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Montana retiree says he's heading back to work to cover rising property taxes

Laurel legislator says he's frustrated by lawmakers' inaction
Property tax bill
Posted at 10:48 AM, Dec 01, 2023
and last updated 2023-12-01 12:48:20-05

BILLINGS — Montanans are finding ways to offset the rising costs of housing, from insurance to property tax, and for some retirees, that means heading back to work.

Bob Bloedel, 67, is a retired general contractor who is returning to the workforce after the tax valuation and subsequent property tax on his home raised significantly.

“I am getting hit quite hard and I don't know who to blame," Bloedel said. "I did build more house than I could afford, but since I built it myself, I could afford it right up until property tax went up."

Bloedel is not alone. Across the state, Montanans are frustrated by the increase, which varies across the state but is averaging around 15% to 20% for property owners.

“It's more than frustration. It's anger," said Brad Molnar, a Republican state senator from Laurel who represents parts of Yellowstone County.

Molnar doesn't mince words when discussing the Legislature's handling of property valuations and taxation during the 2023 session.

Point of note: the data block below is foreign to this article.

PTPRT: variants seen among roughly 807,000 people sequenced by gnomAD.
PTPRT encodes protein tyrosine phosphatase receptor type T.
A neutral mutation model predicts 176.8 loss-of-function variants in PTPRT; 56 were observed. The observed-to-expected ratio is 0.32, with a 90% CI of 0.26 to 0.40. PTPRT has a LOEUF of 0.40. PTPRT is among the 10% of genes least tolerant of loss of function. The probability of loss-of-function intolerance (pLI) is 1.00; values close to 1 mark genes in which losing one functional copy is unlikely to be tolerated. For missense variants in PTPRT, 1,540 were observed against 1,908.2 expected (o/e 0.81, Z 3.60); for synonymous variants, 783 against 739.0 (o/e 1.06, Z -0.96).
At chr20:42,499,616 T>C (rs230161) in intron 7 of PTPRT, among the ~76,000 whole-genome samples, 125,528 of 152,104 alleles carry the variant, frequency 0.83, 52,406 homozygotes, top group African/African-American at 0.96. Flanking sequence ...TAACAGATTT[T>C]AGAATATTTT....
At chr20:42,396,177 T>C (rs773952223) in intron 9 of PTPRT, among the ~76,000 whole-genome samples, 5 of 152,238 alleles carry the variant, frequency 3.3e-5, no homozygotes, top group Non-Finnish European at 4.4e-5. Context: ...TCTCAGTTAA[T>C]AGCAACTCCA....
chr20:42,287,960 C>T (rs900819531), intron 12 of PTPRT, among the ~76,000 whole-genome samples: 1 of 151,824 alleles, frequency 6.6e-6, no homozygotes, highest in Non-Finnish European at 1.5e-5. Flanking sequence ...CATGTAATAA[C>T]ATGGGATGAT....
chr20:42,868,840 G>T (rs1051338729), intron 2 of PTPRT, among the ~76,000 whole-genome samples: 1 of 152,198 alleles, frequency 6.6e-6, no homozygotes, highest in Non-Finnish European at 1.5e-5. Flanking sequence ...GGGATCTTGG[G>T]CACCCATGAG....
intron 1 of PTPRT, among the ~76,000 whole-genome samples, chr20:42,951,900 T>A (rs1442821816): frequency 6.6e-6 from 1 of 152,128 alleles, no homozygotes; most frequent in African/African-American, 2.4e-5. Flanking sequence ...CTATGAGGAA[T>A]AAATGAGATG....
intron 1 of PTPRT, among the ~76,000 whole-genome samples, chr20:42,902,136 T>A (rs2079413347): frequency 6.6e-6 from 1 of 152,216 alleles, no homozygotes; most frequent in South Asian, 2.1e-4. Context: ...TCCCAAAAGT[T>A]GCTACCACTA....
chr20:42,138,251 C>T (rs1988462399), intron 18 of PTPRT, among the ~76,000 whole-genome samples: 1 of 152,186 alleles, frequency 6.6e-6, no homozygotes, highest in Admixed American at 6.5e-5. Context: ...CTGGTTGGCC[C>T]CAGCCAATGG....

“Everybody saw the writing on the wall," Molnar said. "There was nobody anywhere that didn't know that valuations were going to go through the roof, particularly in the largest counties. We knew it. We talked about it, we discussed it, we did nothing.”

Molnar points to factions in the Legislature and members of both parties that he says are hyper focused on protecting local funding.

"We knew it was going to be ugly. What we didn't know was how ugly. We also don't know ugly in what counties," Molnar said. "Some of the larger, more populated counties got hammered, double-digit increases."

Following the 2023 legislative session, Molnar called for a special session three times in an attempt to address the looming property tax hike. Similarly, Democrats called for a special session in July and the far-conservative faction of the Legislature, the Freedom Caucus, recently petitioned for a session in January 2024.

In another attempt to soften the tax hike, Molnar sued the state, arguing the state was not required to collect as many property tax dollars as it did.

"Then the governor's office through the administration filed a lawsuit against the taxpayers in Missoula, and then the Montana Association of Counties filed a lawsuit in favor of the taxpayers, and the governor's office went to battle against the taxpayers. He won. So he will collect another $80 million," Molnar said.

Molnar and other lawmakers know the battle isn't over and expect property taxes to be a big topic in the 2024 elections and next legislative session.

“If the people feel they can't trust those in control, then you're setting yourself up for revolution. Now that revolution is probably at the ballot box," Molnar said. "It might be they don't have any money and can't pay their taxes. So now what are you going to do?”

A question Bloedel is also asking as he tries to figure out how to pay the bills.

“We're not sure what our options are, which direction to turn," Bloedel said.